Episode 47: Indian Ocean Trade from its Origins to the Eve of Imperialism

Host: Christopher Rose, Outreach Director, Center for Middle Eastern Studies
Guest: Susan Douglass, doctoral candidate, George Mason University

Ibn Battuta was a pilgrim who left his native Morocco for Mecca in 1325 and traveled over 73,000 miles before finally returning home thirty years later.

Every American schoolchild knows that Columbus sailed west to reach Asia with the hope of finding precious metals, expensive fabrics, and exotic spices: all goods that were being traded in the Indian Ocean, and had been for millennia. Ancient Greek texts describe an active Indian Ocean economy. Some scholars have even linked the peopling of Australia to a slow, methodic collecting of resources along the coastal route from east Africa.

In the first of a two part episode guest Susan Douglass, author of the Indian Ocean in World History web site, describes the murky beginnings of trade and travel in the Indian Ocean basin, and the cultural exchanges and influences that the trade had in the days before the Europeans arrived.

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What about the Indian Ocean geographically facilitates trade between Asia, the Middle East, and Africa?

Well, there are a few things going way back, as this web site and the project work that I’ve done encompasses all of 90,000 years of Indian Ocean history.

Firstly, the Indian Ocean didn’t experience the cold of the Ice Ages, so for this reason there are a lot of tropical plants and animals whose evolution wasn’t disturbed by the big freeze, including human populations living in the region. So, for this reason it’s a big draw in terms of some very important resources and rare resources around the world.

Another factor, going way back to early history, is that the long shorelines, this great sort of M shape at the northern rim of the Indian Ocean, enabled early people to beach comb and find food, eventually bringing modern humans from East Africa to Australia as much as 40- to 60,000 years ago. So, the migration of humans into this region was very early and their interaction with the resources there is of very long duration. The shorelines have also been an invitation to coasting with the earliest kinds of the simplest boats, from the Red Sea to the Persian/Arabian Gulf, from the Eastern to the Western coasts of India, and East Africa, and around the archipelagoes of South East Asia.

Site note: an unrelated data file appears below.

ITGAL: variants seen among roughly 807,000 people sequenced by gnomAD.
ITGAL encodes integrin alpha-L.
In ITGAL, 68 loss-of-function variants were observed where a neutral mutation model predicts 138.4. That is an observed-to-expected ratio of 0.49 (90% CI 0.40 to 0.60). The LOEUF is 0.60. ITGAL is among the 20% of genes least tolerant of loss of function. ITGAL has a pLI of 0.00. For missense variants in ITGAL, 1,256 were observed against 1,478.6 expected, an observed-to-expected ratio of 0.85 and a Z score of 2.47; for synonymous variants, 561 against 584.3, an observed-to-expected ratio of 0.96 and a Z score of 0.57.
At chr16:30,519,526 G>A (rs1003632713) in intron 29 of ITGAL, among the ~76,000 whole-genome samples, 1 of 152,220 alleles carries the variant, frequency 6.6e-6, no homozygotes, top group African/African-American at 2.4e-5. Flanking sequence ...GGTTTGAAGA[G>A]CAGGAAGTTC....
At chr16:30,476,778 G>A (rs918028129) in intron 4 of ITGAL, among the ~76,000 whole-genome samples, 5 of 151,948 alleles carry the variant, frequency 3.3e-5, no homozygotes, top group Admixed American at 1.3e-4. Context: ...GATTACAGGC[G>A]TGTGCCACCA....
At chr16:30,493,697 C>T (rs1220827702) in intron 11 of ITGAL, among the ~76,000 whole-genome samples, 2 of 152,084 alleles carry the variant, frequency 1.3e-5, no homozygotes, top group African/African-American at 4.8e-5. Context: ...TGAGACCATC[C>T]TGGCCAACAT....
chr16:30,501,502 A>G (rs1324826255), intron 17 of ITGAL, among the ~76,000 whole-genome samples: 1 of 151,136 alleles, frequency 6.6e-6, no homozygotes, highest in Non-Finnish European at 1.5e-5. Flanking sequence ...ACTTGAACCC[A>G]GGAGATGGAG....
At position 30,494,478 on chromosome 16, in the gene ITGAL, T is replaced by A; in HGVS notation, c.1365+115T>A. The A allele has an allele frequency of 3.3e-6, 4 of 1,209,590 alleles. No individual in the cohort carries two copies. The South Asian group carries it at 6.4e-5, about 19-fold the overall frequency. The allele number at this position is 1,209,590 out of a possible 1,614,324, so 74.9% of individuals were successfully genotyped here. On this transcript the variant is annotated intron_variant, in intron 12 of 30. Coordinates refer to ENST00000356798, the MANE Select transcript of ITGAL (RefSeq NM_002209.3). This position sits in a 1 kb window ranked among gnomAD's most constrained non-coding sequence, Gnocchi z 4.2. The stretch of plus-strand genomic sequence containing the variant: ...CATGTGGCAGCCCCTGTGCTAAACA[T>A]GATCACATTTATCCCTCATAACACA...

The most famous facilitator of long distance trade, though, is the monsoon wind pattern, which enabled predictable seasonal sailing on open waters. This was probably the first experience of human beings to sail outside the site of land, beyond the site of land, into the Indian Ocean. During certain months each year, the winds blow approximately from north to south in a certain way, off the heated land mass of Asia; in other months the moisture-laden winds blow from south to north, bringing the famous monsoon rains to the coastlines there. Sailors learned that these winds would carry them from East Africa to Arabia, and to the West Coast of India, with similar patterns in the eastern Indian Ocean.

Finally, scholars such as K.N. Chaudhuri and Michael Pearson and many others talk about the role of scarcity in driving trade. So, products like wood were lacking in Arabia but plentiful in East and Central Africa, prized spices and perfumes grew only in the islands of South East Asia, and textile products, tea, medicines, and ivory drove profitable trade across long distances of water.

Map by Abraham Ortelius, (1527-1598) of locations mentioned in the Periplus Maris Erythraei (????????? ??? ??????? ???????? "Periplus of the Erythraean Sea"), 2nd century CE mariner's guide describing navigation and the commodities available in the Red Sea (or Erythraean Sea in Greek) and along the coasts of Arabia and India.

Map by Abraham Ortelius, (1527-1598) of locations mentioned in the Periplus of the Erythraean Sea, a 1st century CE mariner’s guide describing navigation and the commodities available in the Red Sea (or Erythraean Sea in Greek) and along the coasts of Arabia and India.

You just mentioned that this website encompasses 90,000 years of human history, which is a pretty long period to try to encompass. Has it always been major commodity trade? Has the trade at all changed over time?